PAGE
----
But that’s not West. He’s a storyteller who has always mixed things up with every single one of his films, and he’s established himself as someone who never feels like he’s working from this singular vision or voice as a director. It’s evident that he deeply cares and has a great affection for the history of cinema, and to create a horror movie that pushes boundaries like this one does, but craft this experience in a way that feels wholly authentic to Hollywood filmmaking circa the 1930s and ’40s, is just an astounding feat to behold.
Goth, who is just as mesmerizing here as she was in X, was involved with the Pearl script, and having her perspective incorporated so directly into the story adds so much where you really get a sense of the frustrations that women who dare to dream bigger than their circumstances often face throughout their lives. So, regardless of Pearl’s homicidal tendencies, she’s still a relatable character nonetheless. She believes in herself. She wants to be seen. She wants to become the star that she knows that she is. And she doesn’t want to be beholden to taking care of a family that only sees her as a caregiver and nothing else anymore. So when Goth’s character hits her breaking point, that’s when Pearl shifts into overdrive, and things go off the rails in the most wickedly wonderful of ways.
As someone who has been such a huge fan of Goth’s work over the last several years, for as great as she is in X, taking on dual roles, I think Pearl pushes her in some fascinating new directions that made me genuinely excited. She’s absolutely astonishing in Pearl, where she’s the wonderfully bewildering mix of innocence and unadulterated calamity, with a splash of chaos thrown in just to really give all the other characters in this story a run for their money. There’s a scene very late in Pearl where Goth delivers what might be the best monologue in horror this side of Toni Collette in Hereditary, and I don’t even know if I blinked or even took a breath during that entire sequence – she just drew me into that moment so damn hard that it was impossible to think about anything else.
From a technical perspective, there’s a lot to love when it comes to the craft on display. DP Eliot Rockett (who also lensed X as well as several other of West’s films like The Innkeepers and The House of the Devil) deserves all the love for what he’s able to achieve with his cinematography here, where every frame feels like a piece of art. It’s gorgeous, even the more horrific moments that he captures, and it’s amazing to me just how much his camerawork truly heightens all of the other elements of Pearl, creating something that feels so wondrous to behold.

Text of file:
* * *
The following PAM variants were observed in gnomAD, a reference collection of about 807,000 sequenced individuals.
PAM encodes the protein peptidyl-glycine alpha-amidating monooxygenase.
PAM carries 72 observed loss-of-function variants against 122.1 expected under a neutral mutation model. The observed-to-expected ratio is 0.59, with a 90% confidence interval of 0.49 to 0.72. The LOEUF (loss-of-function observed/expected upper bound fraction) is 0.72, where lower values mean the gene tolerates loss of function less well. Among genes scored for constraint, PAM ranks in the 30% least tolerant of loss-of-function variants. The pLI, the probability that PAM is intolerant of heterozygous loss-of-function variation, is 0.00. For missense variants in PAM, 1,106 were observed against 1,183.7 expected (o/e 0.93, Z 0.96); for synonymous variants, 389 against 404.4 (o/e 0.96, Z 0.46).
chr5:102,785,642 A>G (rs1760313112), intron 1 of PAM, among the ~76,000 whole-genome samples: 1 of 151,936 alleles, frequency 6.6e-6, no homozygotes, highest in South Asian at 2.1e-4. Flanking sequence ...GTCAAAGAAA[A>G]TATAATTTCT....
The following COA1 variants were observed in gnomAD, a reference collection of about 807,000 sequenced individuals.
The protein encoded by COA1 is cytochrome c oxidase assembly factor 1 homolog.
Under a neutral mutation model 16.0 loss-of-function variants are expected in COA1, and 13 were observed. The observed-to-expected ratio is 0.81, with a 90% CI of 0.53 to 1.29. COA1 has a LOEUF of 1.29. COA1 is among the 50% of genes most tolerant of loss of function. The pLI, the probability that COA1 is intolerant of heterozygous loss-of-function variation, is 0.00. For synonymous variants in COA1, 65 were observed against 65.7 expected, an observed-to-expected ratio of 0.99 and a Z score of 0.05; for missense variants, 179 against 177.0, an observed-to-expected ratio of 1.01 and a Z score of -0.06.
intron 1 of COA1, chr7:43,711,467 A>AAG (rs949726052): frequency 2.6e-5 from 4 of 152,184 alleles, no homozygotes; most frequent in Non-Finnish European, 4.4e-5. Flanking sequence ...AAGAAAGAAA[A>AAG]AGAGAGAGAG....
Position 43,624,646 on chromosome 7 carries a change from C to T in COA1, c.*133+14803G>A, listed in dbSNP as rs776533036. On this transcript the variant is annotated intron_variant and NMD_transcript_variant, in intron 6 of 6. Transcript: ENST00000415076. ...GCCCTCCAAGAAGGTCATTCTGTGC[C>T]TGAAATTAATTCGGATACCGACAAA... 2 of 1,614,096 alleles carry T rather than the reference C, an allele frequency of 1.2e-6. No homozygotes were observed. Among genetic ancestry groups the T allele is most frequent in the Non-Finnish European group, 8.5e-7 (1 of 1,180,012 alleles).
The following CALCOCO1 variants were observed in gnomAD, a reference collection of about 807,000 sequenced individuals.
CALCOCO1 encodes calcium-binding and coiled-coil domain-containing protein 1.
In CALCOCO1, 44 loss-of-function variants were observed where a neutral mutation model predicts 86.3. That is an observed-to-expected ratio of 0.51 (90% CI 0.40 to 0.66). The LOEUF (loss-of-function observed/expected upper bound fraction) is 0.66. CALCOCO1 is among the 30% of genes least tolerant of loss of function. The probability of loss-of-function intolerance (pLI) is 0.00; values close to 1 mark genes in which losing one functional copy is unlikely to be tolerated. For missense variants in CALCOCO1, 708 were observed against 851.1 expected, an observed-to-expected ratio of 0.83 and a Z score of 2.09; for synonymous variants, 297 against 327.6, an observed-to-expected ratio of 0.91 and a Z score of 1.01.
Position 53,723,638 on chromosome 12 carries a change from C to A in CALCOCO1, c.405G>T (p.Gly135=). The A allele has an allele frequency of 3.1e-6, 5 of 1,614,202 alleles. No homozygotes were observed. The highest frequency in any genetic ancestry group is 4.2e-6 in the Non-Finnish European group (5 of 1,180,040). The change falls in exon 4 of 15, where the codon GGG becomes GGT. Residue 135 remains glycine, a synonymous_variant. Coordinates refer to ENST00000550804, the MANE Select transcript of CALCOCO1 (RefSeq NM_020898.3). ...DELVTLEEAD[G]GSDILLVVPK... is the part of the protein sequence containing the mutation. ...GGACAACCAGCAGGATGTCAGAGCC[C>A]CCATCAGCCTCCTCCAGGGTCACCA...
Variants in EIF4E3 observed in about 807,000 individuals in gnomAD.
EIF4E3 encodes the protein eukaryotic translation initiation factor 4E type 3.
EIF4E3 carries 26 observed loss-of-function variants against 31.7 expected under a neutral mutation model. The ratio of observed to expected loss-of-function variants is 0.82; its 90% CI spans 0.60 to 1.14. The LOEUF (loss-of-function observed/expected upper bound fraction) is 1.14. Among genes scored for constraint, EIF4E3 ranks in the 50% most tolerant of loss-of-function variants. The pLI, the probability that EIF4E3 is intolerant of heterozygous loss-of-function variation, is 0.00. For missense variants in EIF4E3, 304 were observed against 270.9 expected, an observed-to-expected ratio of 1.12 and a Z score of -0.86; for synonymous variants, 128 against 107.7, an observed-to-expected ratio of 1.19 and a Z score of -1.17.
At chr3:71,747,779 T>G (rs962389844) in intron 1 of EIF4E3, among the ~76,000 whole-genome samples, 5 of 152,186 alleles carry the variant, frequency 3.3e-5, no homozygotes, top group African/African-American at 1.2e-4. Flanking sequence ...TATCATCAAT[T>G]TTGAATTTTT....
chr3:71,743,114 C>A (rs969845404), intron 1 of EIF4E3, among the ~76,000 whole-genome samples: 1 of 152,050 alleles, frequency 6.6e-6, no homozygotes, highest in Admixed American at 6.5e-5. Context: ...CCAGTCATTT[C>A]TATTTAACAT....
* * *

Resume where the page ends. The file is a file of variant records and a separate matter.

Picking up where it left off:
Also, costume designer Malgosia Turzanska should be lauded for her work on Pearl as well, and I loved how so many of her costuming decisions felt anchored in the history of cinema as well, which truly added a lot to the project. Pearl’s score from Tyler Bates and Tim Williams is excellent and I think the sound design, especially during key moments in the film, really adds a lot of subtle tension to West’s story, making certain aspects of the film even more effective for audiences.
West takes a huge risk with Pearl, and for those who are a bit more movie history-inclined, the rewards are huge. There’s true affection for the history of cinema on display in every single frame and I loved how it feels like something you could have seen on the big screen during the Golden Age of Cinema, but still has themes that feel wholly relevant today. Goth once again shines here, making her titular character one of the most fascinating characters to come along in horror in quite some time, and the subtlety of what she does in the very final shot of Pearl is something that has stuck with me. While I’m of the opinion that the movie-making process itself is something of a creative miracle, there’s something about what West is able to achieve with Pearl that feels even more astonishingly magical and I could not have possibly loved it more.
Movie Score: 5/5